4. I lived in Florida 3 years learning to deal with the mosquitoes was an ordeal ,days are not bad but come dark look out LOL
    if they don't spray the area you camp in its unbelievable we went to the keys and had to tear down tent at 1:00 and we had paid for next day
    the wife said we are getting out of here now ,it was so bad even those in RV trailers with air were still up fighting them off inside i got dozens of bites just taking the tent down ,its a beautiful place but clouds of black biting devils come out at night. i worked security nights and had to bathe in 100 % DEET from an army surplus store but nothing as bad as the Keys disaster , When the DC 3's come over at tree top level they smoke everything in sight and you want to get out of that stuff fast.
    Not saying don't go but just be aware some spots may be infested bad . Coons were stealing everything in sight ,you cant leave anything
    out and they pack it into the Mangrove forest to never be seen again.

    1. I know what you mean about the bugs! I have so many bites on me since we've been in Florida.

      Raccoons are clever. I think they can read. We used to have a lot around our house when I was a kid. My mom taped up a recipe for racoon stew on the sliding glass door and we never saw them again :-)

  5. I just saw an advertisement for the "Sealander Amphibious Camper" and thought of you guys ! Have you seen those? (No, no... it's a JOKE...don't do it !) We're enjoying catching up on your adventures after one month with no internet. Thanks for the adventures ! Maria and Patrick

    1. It's so nice to hear from you guys! I'm not sure I could cope without internet for a month :-) we have thought of building a barge for Scamper and then we could tow her behind our sailboat to Europe and then travel in our camper around there ;-)

  6. Thanks for the nice comments on my blog. I admit, now you have me curious.

    1. Thanks for stopping by! I'm enjoying following along with your adventures!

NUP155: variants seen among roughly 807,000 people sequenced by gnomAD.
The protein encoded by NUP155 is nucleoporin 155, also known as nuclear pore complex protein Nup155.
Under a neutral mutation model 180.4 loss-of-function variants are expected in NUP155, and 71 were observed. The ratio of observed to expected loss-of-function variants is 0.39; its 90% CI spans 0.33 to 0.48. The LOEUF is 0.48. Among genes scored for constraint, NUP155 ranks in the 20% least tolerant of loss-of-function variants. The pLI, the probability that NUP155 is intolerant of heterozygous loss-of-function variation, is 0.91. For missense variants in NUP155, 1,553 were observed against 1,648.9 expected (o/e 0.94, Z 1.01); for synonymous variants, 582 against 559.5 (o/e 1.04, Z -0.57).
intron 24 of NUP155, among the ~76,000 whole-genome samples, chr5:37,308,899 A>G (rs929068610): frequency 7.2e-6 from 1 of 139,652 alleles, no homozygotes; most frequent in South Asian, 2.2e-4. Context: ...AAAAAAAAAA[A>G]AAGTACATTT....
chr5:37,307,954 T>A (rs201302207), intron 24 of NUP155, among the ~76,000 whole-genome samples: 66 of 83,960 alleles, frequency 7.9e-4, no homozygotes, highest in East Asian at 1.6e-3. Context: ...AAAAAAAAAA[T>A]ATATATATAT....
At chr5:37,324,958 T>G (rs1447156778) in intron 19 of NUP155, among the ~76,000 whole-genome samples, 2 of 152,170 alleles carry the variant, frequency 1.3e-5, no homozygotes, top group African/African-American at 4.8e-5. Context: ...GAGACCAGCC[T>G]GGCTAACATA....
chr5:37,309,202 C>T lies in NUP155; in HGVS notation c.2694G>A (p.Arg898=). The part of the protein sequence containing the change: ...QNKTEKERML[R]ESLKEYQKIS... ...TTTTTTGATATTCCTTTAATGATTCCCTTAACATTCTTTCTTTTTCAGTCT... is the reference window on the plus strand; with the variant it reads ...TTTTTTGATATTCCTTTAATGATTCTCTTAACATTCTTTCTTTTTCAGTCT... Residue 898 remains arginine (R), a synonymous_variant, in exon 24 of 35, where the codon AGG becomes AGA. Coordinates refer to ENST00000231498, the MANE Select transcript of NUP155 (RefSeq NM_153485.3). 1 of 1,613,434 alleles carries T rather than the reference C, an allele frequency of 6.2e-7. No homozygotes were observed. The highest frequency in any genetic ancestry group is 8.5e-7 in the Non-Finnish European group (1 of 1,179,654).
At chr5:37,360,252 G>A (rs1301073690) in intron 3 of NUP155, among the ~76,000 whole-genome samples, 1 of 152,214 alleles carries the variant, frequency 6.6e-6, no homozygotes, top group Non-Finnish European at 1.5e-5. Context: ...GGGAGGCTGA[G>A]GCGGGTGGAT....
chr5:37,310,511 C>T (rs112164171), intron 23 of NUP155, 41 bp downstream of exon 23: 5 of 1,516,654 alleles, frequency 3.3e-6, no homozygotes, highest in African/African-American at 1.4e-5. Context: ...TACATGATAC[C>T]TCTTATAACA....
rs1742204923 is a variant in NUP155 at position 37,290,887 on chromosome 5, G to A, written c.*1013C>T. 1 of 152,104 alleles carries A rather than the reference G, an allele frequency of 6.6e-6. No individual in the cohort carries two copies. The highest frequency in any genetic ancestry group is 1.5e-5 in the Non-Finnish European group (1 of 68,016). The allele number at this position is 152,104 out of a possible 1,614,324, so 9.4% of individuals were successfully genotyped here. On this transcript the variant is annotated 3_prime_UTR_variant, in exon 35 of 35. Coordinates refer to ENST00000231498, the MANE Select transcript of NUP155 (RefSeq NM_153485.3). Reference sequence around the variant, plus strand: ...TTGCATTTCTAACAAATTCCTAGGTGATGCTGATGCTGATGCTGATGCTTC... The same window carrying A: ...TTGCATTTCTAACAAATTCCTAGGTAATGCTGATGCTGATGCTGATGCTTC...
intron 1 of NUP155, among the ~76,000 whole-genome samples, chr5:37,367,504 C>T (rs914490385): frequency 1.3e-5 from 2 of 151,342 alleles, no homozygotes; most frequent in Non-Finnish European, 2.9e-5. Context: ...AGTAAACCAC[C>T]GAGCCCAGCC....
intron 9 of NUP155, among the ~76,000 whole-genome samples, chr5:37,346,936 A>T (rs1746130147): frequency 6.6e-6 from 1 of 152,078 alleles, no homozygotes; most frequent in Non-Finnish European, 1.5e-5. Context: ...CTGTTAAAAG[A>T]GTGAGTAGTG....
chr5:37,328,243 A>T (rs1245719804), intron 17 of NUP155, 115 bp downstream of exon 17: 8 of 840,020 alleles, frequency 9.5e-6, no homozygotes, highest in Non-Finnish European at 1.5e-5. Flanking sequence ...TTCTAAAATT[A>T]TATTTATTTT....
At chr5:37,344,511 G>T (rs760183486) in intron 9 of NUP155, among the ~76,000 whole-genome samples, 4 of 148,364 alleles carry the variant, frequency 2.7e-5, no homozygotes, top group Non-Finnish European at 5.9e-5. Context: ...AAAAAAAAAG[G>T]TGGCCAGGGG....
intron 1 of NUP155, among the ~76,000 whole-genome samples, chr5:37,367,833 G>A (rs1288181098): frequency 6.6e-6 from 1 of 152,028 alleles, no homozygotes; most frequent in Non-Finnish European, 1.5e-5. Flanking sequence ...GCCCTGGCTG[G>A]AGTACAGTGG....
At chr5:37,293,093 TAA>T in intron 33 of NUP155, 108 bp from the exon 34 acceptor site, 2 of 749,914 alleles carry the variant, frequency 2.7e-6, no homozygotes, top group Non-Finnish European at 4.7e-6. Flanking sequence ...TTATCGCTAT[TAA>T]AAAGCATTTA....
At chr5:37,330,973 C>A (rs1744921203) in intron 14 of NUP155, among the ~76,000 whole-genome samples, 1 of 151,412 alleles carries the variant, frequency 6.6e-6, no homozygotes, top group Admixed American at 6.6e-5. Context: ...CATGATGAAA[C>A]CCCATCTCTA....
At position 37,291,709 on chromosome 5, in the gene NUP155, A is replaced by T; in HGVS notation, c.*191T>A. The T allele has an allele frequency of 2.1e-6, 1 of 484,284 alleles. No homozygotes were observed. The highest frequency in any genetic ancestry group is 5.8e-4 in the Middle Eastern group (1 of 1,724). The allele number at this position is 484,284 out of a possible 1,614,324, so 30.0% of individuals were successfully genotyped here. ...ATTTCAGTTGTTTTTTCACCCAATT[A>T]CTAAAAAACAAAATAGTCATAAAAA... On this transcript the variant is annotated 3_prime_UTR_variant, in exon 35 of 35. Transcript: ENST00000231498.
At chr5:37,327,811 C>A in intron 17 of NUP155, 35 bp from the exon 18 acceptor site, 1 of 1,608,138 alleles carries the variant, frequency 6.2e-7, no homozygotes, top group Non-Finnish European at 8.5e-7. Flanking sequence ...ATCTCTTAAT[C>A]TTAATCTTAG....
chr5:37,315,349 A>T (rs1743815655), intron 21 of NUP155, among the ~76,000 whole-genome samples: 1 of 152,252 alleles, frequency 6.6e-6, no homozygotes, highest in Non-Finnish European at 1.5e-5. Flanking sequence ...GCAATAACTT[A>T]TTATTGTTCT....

7. I absolutely 'get' the secrecy but it's a HUGE difference from life on the water where we share our favourite anchorages without hesitation. Oh, wait! That's because they're all FREE.

    The real reason I'm writing is we've had a mild and wet winter in the PNW which means there will be a sh%t load of bugs this summer -- especially deer flies. Being in Florida, have you seen any other RVers using bug lights to kill bugs? David goes on massive killing sprees with the electronic rackets (he's broken 2 already) and leaves carcasses all over the deck so I'm looking for a better (and quieter) solution (that man knows how to cuss!). I found a couple of rechargeable units and was wondering if you had seen anything like that along the way.


    1. I was thinking about the cruising community and wondering if there was the same issue/debate, especially sharing the location of lesser know anchorages in crowded cruising grounds like the Carribean. There has been a really interesting discussion about the share vs don't share on a FB group I'm a part of it. We're new to all of this free campng and boondocking stuff is it's been a real eye opener.

      In terms of bugs (and there's a lot down here!), the only thing I've seen are this rackets which start to smell as the body count goes up. It's a good question, which we're interested in to, so I'll ask on some of the RV FB groups and report back.

    2. Ah, yes! I can't tell you how many times I've heard David say, "I love the smell of ozone in the morning" after killing hoards of deer flies with the racket (he leaves the dead bodies out so the survivors will "go tell their friends"). And I would give just about anything for that NOT to be my life this summer (lol).

  8. Are there that many RVers in the States that you need to keep the secret. Surely the US is big enough for all. I applaud you for talking about the spot - helping others discover nice places is one of the rewards of travelling.

    1. That's one of the things I enjoy about reading other peoples travel blogs is their descriptions of what they love about where they've been to - what experiences made it magical for them.